As has been the case since the beginning of this pandemic, Dutch government is responding too little, too late. They are talking about introducing the 2G variant of the corona pass, already implemented in other EU countries, meaning you only get access to social life outside your home when you’re either vaccinated or officially recovered from covid-19. I don’t think that will help the current situation at all, except to handing over toxic fuel to right-wing covid denying politicians and those willing to believe the narrative of government taking control over people’s personal life indefinitely. It won’t convince people to get vaccinated and it surely will not decrease hospitalisations short term or increase critical care personnel long term. The reality is that in this country we have even less beds available than before, due to staff quitting and getting overworked. A process that was going on before the pandemic and now being amplified.

To give you an idea of current rules, we are restricted to a nine to five corona pass social life. Restaurants, bars, non-essential shops, gyms, theatres and cinemas are closed after 5PM. Working from home should be the norm again, but Google’s recent mobility statistics show too little change after previous advise to work from home. Schools at all levels keep running. As a parent, especially being a parent of a kid who got immune in recent weeks, I’m thankful for that. The virus applauds this decision too, as it can freely spread like a bog fire: underground, ready to resurface in unexpected places. Face covering indoors is mandatory again. Late June this year, the outgoing Minister of Justice and Security improvised lyrics on a children’s melody to announce we could trash the face covering. That sort of sums up the long term vision the (still outgoing) Dutch leaders have. They failed to apply proven methods from crisis communication and social behaviour handbooks. Every. Single. Covid. Surge.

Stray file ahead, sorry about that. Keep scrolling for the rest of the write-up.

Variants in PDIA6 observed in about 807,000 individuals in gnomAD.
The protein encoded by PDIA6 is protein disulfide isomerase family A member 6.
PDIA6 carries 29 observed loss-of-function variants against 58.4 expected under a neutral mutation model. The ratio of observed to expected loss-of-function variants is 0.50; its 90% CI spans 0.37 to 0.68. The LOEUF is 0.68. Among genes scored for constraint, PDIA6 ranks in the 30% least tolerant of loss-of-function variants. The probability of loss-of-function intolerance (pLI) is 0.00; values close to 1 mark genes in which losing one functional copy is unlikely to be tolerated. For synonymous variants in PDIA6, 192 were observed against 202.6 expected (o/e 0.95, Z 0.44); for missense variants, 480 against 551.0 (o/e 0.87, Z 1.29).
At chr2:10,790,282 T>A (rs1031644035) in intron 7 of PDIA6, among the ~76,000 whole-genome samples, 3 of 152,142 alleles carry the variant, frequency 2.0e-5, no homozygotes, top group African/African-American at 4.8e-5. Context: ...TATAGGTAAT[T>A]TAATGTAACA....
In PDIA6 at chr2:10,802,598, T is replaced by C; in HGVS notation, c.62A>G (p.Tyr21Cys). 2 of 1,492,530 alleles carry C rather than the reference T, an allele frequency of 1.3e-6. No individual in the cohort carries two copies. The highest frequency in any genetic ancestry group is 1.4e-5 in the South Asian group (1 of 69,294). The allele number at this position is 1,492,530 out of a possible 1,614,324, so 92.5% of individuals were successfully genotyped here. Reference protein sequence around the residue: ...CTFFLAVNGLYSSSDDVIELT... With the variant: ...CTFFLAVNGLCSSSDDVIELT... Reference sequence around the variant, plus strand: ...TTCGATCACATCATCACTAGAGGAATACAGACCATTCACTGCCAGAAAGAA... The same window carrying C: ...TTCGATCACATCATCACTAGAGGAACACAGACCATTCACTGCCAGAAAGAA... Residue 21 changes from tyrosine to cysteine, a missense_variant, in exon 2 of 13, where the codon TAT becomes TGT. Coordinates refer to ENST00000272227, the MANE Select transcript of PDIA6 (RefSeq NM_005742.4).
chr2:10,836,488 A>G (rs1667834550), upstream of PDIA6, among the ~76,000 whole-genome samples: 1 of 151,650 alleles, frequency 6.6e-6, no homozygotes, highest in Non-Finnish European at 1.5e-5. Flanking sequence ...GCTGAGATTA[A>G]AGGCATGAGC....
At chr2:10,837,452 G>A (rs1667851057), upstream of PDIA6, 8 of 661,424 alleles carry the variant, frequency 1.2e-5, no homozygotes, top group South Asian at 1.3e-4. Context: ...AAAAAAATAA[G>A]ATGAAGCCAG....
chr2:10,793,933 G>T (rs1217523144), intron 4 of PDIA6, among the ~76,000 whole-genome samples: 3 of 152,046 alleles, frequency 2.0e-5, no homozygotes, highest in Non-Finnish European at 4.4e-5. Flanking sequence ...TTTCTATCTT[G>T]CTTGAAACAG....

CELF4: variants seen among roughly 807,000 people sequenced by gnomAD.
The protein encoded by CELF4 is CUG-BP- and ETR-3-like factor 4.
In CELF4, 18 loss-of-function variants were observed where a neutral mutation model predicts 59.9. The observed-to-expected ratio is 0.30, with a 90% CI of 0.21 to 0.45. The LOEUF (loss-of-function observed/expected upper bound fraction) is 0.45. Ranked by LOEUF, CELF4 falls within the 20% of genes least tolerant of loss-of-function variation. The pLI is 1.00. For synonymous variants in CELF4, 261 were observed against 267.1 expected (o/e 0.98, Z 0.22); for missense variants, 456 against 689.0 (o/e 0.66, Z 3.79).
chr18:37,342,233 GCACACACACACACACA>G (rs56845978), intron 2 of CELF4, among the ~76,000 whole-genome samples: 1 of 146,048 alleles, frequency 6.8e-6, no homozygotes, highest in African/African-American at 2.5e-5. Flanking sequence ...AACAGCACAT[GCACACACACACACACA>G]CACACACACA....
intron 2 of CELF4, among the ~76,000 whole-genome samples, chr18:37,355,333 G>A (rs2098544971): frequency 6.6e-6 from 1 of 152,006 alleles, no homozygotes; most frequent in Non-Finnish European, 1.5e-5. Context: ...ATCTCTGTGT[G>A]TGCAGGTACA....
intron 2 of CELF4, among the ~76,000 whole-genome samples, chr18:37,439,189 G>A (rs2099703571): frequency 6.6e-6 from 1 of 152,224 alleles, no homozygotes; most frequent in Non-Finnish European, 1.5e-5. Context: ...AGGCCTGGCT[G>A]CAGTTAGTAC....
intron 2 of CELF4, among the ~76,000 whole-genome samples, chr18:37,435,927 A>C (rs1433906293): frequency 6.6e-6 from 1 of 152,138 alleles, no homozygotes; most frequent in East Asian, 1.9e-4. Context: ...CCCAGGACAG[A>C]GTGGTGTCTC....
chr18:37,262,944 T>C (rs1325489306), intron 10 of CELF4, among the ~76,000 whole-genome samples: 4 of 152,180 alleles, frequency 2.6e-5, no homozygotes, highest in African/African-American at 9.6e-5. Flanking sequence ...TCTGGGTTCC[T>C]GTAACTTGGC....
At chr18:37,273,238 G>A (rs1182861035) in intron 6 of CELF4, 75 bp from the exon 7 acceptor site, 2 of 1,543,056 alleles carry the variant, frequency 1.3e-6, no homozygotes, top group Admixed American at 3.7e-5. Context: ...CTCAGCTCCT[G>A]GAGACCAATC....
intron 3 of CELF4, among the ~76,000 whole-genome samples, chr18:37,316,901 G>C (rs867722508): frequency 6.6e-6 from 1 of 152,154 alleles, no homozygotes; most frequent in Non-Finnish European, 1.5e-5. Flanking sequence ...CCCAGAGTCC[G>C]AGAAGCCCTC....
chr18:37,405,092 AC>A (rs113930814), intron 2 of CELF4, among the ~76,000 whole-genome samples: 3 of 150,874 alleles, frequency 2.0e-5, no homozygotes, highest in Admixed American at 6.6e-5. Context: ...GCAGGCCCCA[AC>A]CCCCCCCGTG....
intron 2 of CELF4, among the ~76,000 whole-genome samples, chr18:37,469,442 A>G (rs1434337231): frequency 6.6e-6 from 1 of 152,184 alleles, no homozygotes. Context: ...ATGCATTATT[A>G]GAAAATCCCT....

And now there is Omicron waving its altered spikes.

At least my household is over and done with covid-19 (variant: Delta, most likely), so we can live life again. For now. I wrote this while enjoying coffee at Bagels and Beans. For me personally nothing changes. Still working from home (and sometimes a cafe). Still enjoying life during the day. Still going to bed early. Still taking walks. Still planning to meet family next weekend for dinner and Sinterklaas. Still planning to see our friends in Switzerland at the end of the year.

To keep anxiety at bay I will unplug myself from the news as much as I can. I’m not an ostrich, I just need to keep focusing on things I can influence to keep sane. For that I need to stop worrying about things beyond my control. I’ll read more books instead. That’s a good strategy even without the pandemic. Climate change would otherwise dominate the news. Just as depressing.